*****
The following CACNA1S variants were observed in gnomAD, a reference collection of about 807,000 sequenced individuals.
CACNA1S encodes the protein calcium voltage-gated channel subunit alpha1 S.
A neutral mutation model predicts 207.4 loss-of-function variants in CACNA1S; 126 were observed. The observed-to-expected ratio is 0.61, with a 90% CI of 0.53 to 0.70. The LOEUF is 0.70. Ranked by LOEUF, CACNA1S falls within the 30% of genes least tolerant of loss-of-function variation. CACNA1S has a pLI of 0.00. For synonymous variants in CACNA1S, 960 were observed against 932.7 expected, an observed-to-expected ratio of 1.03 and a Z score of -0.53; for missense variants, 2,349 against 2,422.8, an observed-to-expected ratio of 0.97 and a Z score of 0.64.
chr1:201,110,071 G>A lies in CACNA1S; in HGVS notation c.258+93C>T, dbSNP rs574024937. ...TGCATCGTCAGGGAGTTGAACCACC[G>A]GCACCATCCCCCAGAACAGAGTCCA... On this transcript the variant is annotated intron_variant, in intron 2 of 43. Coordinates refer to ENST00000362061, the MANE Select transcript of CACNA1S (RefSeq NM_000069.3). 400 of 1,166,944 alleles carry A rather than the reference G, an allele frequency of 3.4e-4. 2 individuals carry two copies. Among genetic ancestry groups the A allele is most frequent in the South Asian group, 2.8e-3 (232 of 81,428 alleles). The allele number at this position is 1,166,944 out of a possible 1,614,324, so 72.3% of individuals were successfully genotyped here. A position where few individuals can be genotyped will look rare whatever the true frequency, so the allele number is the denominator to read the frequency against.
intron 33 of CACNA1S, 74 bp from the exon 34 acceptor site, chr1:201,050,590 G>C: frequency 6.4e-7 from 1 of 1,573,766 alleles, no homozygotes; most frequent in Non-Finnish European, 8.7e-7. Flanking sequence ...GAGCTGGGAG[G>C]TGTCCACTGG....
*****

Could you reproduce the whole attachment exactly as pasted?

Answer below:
The following CACNA1S variants were observed in gnomAD, a reference collection of about 807,000 sequenced individuals.
CACNA1S encodes the protein calcium voltage-gated channel subunit alpha1 S.
A neutral mutation model predicts 207.4 loss-of-function variants in CACNA1S; 126 were observed. The observed-to-expected ratio is 0.61, with a 90% CI of 0.53 to 0.70. The LOEUF is 0.70. Ranked by LOEUF, CACNA1S falls within the 30% of genes least tolerant of loss-of-function variation. CACNA1S has a pLI of 0.00. For synonymous variants in CACNA1S, 960 were observed against 932.7 expected, an observed-to-expected ratio of 1.03 and a Z score of -0.53; for missense variants, 2,349 against 2,422.8, an observed-to-expected ratio of 0.97 and a Z score of 0.64.
chr1:201,110,071 G>A lies in CACNA1S; in HGVS notation c.258+93C>T, dbSNP rs574024937. ...TGCATCGTCAGGGAGTTGAACCACC[G>A]GCACCATCCCCCAGAACAGAGTCCA... On this transcript the variant is annotated intron_variant, in intron 2 of 43. Coordinates refer to ENST00000362061, the MANE Select transcript of CACNA1S (RefSeq NM_000069.3). 400 of 1,166,944 alleles carry A rather than the reference G, an allele frequency of 3.4e-4. 2 individuals carry two copies. Among genetic ancestry groups the A allele is most frequent in the South Asian group, 2.8e-3 (232 of 81,428 alleles). The allele number at this position is 1,166,944 out of a possible 1,614,324, so 72.3% of individuals were successfully genotyped here. A position where few individuals can be genotyped will look rare whatever the true frequency, so the allele number is the denominator to read the frequency against.
intron 33 of CACNA1S, 74 bp from the exon 34 acceptor site, chr1:201,050,590 G>C: frequency 6.4e-7 from 1 of 1,573,766 alleles, no homozygotes; most frequent in Non-Finnish European, 8.7e-7. Flanking sequence ...GAGCTGGGAG[G>C]TGTCCACTGG....